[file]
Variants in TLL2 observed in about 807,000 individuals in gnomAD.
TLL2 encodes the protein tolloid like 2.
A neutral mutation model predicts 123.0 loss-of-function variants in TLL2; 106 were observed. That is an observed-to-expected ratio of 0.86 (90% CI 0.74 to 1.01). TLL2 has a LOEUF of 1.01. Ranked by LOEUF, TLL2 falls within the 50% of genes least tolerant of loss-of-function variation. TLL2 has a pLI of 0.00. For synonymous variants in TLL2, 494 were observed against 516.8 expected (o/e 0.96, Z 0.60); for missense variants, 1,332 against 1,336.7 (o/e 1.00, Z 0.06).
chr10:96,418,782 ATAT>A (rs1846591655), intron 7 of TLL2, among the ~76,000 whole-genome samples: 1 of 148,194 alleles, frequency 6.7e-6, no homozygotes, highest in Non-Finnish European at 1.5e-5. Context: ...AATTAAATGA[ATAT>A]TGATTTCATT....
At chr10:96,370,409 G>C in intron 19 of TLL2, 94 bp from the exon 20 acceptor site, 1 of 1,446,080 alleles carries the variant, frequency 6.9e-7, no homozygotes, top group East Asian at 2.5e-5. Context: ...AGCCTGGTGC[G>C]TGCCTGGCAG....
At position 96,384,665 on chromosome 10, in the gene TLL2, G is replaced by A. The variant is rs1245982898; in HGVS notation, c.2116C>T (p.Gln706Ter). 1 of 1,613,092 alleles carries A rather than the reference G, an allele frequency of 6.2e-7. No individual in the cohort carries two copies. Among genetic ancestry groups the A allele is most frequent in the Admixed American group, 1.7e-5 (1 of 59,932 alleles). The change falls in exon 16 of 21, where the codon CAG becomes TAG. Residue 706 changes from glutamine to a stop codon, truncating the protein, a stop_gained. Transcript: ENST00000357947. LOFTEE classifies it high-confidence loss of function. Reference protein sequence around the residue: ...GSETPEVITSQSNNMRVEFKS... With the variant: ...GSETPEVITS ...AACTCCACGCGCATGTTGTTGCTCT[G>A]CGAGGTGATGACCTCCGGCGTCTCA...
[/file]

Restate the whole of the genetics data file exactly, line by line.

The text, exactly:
Variants in TLL2 observed in about 807,000 individuals in gnomAD.
TLL2 encodes the protein tolloid like 2.
A neutral mutation model predicts 123.0 loss-of-function variants in TLL2; 106 were observed. That is an observed-to-expected ratio of 0.86 (90% CI 0.74 to 1.01). TLL2 has a LOEUF of 1.01. Ranked by LOEUF, TLL2 falls within the 50% of genes least tolerant of loss-of-function variation. TLL2 has a pLI of 0.00. For synonymous variants in TLL2, 494 were observed against 516.8 expected (o/e 0.96, Z 0.60); for missense variants, 1,332 against 1,336.7 (o/e 1.00, Z 0.06).
chr10:96,418,782 ATAT>A (rs1846591655), intron 7 of TLL2, among the ~76,000 whole-genome samples: 1 of 148,194 alleles, frequency 6.7e-6, no homozygotes, highest in Non-Finnish European at 1.5e-5. Context: ...AATTAAATGA[ATAT>A]TGATTTCATT....
At chr10:96,370,409 G>C in intron 19 of TLL2, 94 bp from the exon 20 acceptor site, 1 of 1,446,080 alleles carries the variant, frequency 6.9e-7, no homozygotes, top group East Asian at 2.5e-5. Context: ...AGCCTGGTGC[G>C]TGCCTGGCAG....
At position 96,384,665 on chromosome 10, in the gene TLL2, G is replaced by A. The variant is rs1245982898; in HGVS notation, c.2116C>T (p.Gln706Ter). 1 of 1,613,092 alleles carries A rather than the reference G, an allele frequency of 6.2e-7. No individual in the cohort carries two copies. Among genetic ancestry groups the A allele is most frequent in the Admixed American group, 1.7e-5 (1 of 59,932 alleles). The change falls in exon 16 of 21, where the codon CAG becomes TAG. Residue 706 changes from glutamine to a stop codon, truncating the protein, a stop_gained. Transcript: ENST00000357947. LOFTEE classifies it high-confidence loss of function. Reference protein sequence around the residue: ...GSETPEVITSQSNNMRVEFKS... With the variant: ...GSETPEVITS ...AACTCCACGCGCATGTTGTTGCTCT[G>A]CGAGGTGATGACCTCCGGCGTCTCA...